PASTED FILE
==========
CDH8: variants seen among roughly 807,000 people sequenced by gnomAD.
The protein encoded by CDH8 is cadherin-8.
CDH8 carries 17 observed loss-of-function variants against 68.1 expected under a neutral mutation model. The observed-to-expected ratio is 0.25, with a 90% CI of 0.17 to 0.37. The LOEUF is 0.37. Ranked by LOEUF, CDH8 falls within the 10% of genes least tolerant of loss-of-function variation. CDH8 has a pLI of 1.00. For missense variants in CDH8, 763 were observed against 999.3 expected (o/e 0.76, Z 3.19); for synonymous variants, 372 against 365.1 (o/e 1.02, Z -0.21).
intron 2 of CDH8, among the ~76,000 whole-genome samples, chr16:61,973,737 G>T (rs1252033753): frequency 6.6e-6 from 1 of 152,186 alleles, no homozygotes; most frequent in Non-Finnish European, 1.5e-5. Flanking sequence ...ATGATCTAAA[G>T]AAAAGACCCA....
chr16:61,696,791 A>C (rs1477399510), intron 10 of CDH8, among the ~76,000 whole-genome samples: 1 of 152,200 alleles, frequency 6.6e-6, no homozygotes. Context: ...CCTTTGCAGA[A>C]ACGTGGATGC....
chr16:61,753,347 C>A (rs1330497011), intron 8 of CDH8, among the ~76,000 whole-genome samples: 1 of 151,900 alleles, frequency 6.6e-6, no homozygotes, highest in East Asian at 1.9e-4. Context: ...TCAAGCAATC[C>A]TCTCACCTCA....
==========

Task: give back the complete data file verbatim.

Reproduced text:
CDH8: variants seen among roughly 807,000 people sequenced by gnomAD.
The protein encoded by CDH8 is cadherin-8.
CDH8 carries 17 observed loss-of-function variants against 68.1 expected under a neutral mutation model. The observed-to-expected ratio is 0.25, with a 90% CI of 0.17 to 0.37. The LOEUF is 0.37. Ranked by LOEUF, CDH8 falls within the 10% of genes least tolerant of loss-of-function variation. CDH8 has a pLI of 1.00. For missense variants in CDH8, 763 were observed against 999.3 expected (o/e 0.76, Z 3.19); for synonymous variants, 372 against 365.1 (o/e 1.02, Z -0.21).
intron 2 of CDH8, among the ~76,000 whole-genome samples, chr16:61,973,737 G>T (rs1252033753): frequency 6.6e-6 from 1 of 152,186 alleles, no homozygotes; most frequent in Non-Finnish European, 1.5e-5. Flanking sequence ...ATGATCTAAA[G>T]AAAAGACCCA....
chr16:61,696,791 A>C (rs1477399510), intron 10 of CDH8, among the ~76,000 whole-genome samples: 1 of 152,200 alleles, frequency 6.6e-6, no homozygotes. Context: ...CCTTTGCAGA[A>C]ACGTGGATGC....
chr16:61,753,347 C>A (rs1330497011), intron 8 of CDH8, among the ~76,000 whole-genome samples: 1 of 151,900 alleles, frequency 6.6e-6, no homozygotes, highest in East Asian at 1.9e-4. Context: ...TCAAGCAATC[C>A]TCTCACCTCA....